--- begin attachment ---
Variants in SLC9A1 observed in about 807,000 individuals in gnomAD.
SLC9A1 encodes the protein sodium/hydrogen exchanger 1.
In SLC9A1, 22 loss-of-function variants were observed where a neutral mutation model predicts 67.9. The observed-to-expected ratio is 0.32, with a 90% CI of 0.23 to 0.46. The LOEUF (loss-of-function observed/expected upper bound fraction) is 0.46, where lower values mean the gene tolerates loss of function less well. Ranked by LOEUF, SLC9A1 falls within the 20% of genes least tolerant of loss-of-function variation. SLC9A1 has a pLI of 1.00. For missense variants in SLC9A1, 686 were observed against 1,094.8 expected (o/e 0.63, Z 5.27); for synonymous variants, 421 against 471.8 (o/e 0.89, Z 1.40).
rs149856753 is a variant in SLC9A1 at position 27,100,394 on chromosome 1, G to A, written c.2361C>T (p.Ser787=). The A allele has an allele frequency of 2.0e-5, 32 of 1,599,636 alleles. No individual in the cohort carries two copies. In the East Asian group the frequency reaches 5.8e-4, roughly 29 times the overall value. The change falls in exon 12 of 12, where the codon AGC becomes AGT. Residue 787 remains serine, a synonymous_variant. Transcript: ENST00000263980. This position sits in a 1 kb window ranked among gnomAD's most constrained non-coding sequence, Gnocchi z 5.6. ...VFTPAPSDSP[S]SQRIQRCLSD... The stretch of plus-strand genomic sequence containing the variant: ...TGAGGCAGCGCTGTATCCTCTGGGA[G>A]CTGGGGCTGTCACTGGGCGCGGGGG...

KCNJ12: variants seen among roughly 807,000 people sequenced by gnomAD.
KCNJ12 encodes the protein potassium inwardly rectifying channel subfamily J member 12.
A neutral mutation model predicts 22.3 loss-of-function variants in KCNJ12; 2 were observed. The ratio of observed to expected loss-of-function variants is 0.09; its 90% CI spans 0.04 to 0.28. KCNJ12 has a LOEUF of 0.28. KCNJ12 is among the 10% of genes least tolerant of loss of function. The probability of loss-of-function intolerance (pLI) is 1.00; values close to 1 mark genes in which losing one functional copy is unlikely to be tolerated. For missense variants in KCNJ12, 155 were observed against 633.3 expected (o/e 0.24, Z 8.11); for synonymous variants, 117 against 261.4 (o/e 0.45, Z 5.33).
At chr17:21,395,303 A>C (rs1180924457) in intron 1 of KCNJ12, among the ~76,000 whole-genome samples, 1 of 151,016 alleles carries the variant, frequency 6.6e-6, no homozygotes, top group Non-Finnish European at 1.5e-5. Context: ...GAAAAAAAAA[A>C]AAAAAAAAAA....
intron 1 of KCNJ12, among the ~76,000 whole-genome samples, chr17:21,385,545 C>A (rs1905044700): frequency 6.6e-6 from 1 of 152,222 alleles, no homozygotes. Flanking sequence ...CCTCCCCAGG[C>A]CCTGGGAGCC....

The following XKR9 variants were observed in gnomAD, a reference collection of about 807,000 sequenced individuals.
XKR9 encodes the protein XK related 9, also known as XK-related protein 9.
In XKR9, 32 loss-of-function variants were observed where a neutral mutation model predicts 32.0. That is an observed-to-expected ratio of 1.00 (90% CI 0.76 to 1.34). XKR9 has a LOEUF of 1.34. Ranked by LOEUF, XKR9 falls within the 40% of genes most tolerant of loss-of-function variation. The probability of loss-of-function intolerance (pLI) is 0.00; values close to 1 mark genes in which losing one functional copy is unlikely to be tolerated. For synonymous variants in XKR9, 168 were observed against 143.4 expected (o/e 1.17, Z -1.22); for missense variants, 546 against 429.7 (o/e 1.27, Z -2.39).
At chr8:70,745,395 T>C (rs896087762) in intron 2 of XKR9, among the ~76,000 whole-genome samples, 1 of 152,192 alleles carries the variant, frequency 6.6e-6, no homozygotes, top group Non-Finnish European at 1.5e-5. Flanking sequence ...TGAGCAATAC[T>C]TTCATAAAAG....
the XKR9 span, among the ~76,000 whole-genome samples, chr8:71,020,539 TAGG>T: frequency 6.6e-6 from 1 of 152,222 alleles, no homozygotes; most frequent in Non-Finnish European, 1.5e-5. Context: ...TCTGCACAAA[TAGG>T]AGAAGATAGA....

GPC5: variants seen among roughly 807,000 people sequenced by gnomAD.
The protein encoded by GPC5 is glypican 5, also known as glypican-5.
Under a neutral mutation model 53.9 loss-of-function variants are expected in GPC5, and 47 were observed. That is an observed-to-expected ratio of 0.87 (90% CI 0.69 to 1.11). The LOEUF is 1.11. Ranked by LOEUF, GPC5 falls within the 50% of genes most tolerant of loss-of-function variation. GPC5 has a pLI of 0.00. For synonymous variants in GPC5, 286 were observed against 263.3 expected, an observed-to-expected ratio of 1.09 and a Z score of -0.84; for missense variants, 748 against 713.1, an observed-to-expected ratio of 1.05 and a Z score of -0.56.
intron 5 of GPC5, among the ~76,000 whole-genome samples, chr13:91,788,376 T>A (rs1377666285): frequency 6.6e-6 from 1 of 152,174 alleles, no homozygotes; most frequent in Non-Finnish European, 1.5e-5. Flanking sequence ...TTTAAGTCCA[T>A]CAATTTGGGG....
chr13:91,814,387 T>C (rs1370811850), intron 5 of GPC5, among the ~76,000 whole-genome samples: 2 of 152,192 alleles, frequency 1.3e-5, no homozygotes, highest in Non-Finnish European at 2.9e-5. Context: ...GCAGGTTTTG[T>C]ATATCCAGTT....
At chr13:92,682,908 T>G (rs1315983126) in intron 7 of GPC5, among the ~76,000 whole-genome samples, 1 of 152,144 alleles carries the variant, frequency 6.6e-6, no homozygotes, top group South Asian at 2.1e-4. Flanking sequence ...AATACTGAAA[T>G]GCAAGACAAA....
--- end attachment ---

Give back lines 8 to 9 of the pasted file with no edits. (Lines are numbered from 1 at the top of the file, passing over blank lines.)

At chr17:21,395,303 A>C (rs1180924457) in intron 1 of KCNJ12, among the ~76,000 whole-genome samples, 1 of 151,016 alleles carries the variant, frequency 6.6e-6, no homozygotes, top group Non-Finnish European at 1.5e-5. Context: ...GAAAAAAAAA[A>C]AAAAAAAAAA....
intron 1 of KCNJ12, among the ~76,000 whole-genome samples, chr17:21,385,545 C>A (rs1905044700): frequency 6.6e-6 from 1 of 152,222 alleles, no homozygotes. Flanking sequence ...CCTCCCCAGG[C>A]CCTGGGAGCC....